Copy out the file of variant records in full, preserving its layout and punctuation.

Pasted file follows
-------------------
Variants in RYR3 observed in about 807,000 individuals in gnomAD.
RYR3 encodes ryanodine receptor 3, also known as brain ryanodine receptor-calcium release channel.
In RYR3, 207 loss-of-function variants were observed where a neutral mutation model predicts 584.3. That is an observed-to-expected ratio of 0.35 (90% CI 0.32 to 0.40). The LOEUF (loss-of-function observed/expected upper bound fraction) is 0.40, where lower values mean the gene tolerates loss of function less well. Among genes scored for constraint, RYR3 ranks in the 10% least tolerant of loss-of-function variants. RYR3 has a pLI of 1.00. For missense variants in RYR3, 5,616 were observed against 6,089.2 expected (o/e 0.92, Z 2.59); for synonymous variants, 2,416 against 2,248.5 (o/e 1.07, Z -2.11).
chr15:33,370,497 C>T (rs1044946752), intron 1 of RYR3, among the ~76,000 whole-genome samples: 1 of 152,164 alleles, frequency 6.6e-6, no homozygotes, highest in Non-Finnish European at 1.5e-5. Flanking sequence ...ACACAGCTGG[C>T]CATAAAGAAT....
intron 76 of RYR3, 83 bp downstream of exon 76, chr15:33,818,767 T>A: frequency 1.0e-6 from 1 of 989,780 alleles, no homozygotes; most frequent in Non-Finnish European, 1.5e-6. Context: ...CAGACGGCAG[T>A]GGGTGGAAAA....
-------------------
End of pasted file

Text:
Variants in RYR3 observed in about 807,000 individuals in gnomAD.
RYR3 encodes ryanodine receptor 3, also known as brain ryanodine receptor-calcium release channel.
In RYR3, 207 loss-of-function variants were observed where a neutral mutation model predicts 584.3. That is an observed-to-expected ratio of 0.35 (90% CI 0.32 to 0.40). The LOEUF (loss-of-function observed/expected upper bound fraction) is 0.40, where lower values mean the gene tolerates loss of function less well. Among genes scored for constraint, RYR3 ranks in the 10% least tolerant of loss-of-function variants. RYR3 has a pLI of 1.00. For missense variants in RYR3, 5,616 were observed against 6,089.2 expected (o/e 0.92, Z 2.59); for synonymous variants, 2,416 against 2,248.5 (o/e 1.07, Z -2.11).
chr15:33,370,497 C>T (rs1044946752), intron 1 of RYR3, among the ~76,000 whole-genome samples: 1 of 152,164 alleles, frequency 6.6e-6, no homozygotes, highest in Non-Finnish European at 1.5e-5. Flanking sequence ...ACACAGCTGG[C>T]CATAAAGAAT....
intron 76 of RYR3, 83 bp downstream of exon 76, chr15:33,818,767 T>A: frequency 1.0e-6 from 1 of 989,780 alleles, no homozygotes; most frequent in Non-Finnish European, 1.5e-6. Context: ...CAGACGGCAG[T>A]GGGTGGAAAA....